Gluten-free menu items: Fad or Here to Stay?

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Last August 5, 2013, the FDA released the latest definition of “gluten-free” food, which requires voluntarily-labelled gluten-free food items to have no more than 20 parts per million of gluten in any given dish. This uniform standard for the term is a step towards assuring concerned customers about the safe consumption of food items that are labelled gluten-free. It also makes it easier for chefs and kitchen staff to determine whether they have the resources and the know-how to produce gluten-free dishes based on the definition provided.

Gluten, a protein contained in a minute speck of grain, is usually found in flour products. It can also be present in ingredients such as malt, barley, rye or malt vinegar. The presence of gluten may result in allergic reactions, even life-threatening ones (especially for customers with celiac disease). As such, the FDA stands to levy heavy fines and sanctions to establishments that fail to meet the definition and can consider them guilty of mislabelling their products.

Creating Safe Gluten-Free Food

Offering gluten-free restaurant dishes requires commitment. Even with the use of the right ingredients, it may still be likely that some amount of gluten can be present due to cross-contamination. This can happen through the use of cookware, utensils, cooking oil, the water used to cook pasta or in the prep tables. There are also some instances where a supposedly gluten-free dish is contaminated with gluten present in the air, especially from flour products.

To minimize these dangers, restaurants should train staff in the prevention of cross-contamination. This also means instituting procedures that separate the preparation area of gluten-free food as well as using separate kitchenware. The kitchen staff should also look closely at recipes to see whether there are hidden sources of gluten. Hidden sources may be found in marinades, the contents of the restaurant’s condiment stand or dairy products.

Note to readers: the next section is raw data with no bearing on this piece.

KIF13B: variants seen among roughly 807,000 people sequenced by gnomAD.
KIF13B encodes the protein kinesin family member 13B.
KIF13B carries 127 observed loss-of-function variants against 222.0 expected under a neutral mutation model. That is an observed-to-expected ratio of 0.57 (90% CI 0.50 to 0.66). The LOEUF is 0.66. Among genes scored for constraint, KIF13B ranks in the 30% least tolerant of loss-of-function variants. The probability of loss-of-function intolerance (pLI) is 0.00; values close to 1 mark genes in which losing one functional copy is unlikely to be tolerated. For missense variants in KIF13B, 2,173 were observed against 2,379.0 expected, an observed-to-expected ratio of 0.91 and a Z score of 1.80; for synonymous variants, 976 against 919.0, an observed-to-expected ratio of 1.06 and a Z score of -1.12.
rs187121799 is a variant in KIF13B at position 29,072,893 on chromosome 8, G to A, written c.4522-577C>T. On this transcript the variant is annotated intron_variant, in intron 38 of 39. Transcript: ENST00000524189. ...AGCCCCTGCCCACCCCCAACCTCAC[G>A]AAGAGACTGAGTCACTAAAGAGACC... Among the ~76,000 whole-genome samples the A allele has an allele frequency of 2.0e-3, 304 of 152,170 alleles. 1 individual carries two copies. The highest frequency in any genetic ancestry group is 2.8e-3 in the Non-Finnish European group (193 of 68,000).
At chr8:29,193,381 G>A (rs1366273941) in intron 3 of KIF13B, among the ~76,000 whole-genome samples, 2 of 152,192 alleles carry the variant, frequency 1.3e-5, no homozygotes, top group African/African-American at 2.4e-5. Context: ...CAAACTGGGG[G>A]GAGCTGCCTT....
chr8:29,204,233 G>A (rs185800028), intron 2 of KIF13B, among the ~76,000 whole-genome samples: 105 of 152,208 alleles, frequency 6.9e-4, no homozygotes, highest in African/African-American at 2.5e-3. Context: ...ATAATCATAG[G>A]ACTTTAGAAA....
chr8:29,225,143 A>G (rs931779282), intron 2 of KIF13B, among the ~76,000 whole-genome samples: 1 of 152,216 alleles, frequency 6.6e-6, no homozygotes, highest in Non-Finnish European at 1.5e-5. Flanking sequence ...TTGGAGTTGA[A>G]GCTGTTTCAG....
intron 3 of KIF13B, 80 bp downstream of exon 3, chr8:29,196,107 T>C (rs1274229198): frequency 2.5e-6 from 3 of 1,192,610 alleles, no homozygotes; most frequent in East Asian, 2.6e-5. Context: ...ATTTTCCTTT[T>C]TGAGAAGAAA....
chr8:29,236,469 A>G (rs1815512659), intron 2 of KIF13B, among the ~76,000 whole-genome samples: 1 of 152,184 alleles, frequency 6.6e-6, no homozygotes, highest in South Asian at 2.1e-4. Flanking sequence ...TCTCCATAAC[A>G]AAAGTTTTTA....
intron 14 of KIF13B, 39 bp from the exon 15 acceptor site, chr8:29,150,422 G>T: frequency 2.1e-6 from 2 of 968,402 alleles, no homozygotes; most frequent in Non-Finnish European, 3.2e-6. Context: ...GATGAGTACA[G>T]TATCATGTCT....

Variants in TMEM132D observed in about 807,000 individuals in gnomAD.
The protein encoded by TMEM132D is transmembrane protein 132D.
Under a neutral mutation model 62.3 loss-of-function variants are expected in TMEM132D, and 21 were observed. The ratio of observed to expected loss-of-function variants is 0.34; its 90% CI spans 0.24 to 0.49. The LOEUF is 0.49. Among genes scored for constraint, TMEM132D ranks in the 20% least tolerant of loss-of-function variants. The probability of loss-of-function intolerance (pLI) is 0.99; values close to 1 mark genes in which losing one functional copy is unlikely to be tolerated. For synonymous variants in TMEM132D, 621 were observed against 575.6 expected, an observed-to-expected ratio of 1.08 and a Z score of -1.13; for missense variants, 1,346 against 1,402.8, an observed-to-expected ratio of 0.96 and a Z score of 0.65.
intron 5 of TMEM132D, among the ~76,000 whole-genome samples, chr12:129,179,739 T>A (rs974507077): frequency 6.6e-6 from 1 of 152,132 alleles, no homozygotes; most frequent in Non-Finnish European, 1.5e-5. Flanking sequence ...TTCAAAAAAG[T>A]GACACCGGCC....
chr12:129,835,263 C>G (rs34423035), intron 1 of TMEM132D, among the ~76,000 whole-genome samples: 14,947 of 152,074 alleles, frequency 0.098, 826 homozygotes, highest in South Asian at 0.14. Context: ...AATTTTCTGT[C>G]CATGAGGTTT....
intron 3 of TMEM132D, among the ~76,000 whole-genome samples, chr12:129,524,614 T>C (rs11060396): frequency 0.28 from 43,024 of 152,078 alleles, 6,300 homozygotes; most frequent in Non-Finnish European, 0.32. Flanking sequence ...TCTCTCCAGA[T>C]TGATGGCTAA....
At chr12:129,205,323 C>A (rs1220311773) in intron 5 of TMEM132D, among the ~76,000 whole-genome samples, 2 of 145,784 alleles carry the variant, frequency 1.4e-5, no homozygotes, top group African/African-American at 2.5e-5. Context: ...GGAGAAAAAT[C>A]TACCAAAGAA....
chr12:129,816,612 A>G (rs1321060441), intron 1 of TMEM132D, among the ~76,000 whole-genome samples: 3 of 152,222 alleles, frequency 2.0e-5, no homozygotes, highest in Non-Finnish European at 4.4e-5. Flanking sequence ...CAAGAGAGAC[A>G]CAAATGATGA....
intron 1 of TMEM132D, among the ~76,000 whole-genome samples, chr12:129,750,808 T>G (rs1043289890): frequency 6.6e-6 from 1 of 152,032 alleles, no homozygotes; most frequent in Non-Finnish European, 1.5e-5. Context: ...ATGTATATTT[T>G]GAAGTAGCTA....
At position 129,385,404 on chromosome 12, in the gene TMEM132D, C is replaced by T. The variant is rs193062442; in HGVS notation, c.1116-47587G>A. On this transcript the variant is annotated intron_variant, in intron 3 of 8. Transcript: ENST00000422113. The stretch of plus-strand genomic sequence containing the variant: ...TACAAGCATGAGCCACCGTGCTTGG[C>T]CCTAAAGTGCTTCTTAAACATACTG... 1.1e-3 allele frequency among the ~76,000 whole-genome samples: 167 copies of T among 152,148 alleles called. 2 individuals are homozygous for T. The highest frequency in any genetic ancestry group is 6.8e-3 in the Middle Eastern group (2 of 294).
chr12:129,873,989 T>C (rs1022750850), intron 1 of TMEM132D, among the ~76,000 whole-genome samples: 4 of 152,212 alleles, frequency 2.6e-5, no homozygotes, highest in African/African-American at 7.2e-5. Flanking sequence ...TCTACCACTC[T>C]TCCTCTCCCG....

An Increasing Market

The gluten-free market is an attractive growing market. Based on FDA statistics, there is an estimated 1.5 million to 3 million people in the country with celiac disease. When you include Americans that are gluten intolerant, this translates to roughly 10% of the market. This can even increase to up to 15% if one includes loved ones and friends of those who are going gluten-free because of other health reasons.

Gluten-free food is gaining popularity as a health food. Aside from those with celiac disease, those who suffer from irritable bowel syndrome, multiple sclerosis, cystic fibrosis, anemia, autism and thyroid disease can also benefit from eating gluten-free food. Advocates also claim that a gluten-free diet can result in better cholesterol and energy levels as well as improved digestive health. What is more, it is also said to be good for those who want to lose weight.

Based on research by Mintel, that means an astounding $7 billion worth of gluten-free products, a number that may encourage more restaurants to add gluten-free options to their menu. In fact, GrubHub, a digital food ordering service, reports that since April 2012, there has been a rise in gluten-free takeout orders by as much as 60%.

With the whopping size and growth possibility of the gluten-free market, gluten-free food items are more than a fad. It falls on the restaurants and catering services to determine whether it is a bandwagon worth hitching their business to. Food establishments that do decide to commit to gluten-product offerings and that follow through with their commitment through establishing best kitchen and service processes may find themselves rewarded with a loyal following of gluten-free enthusiasts.



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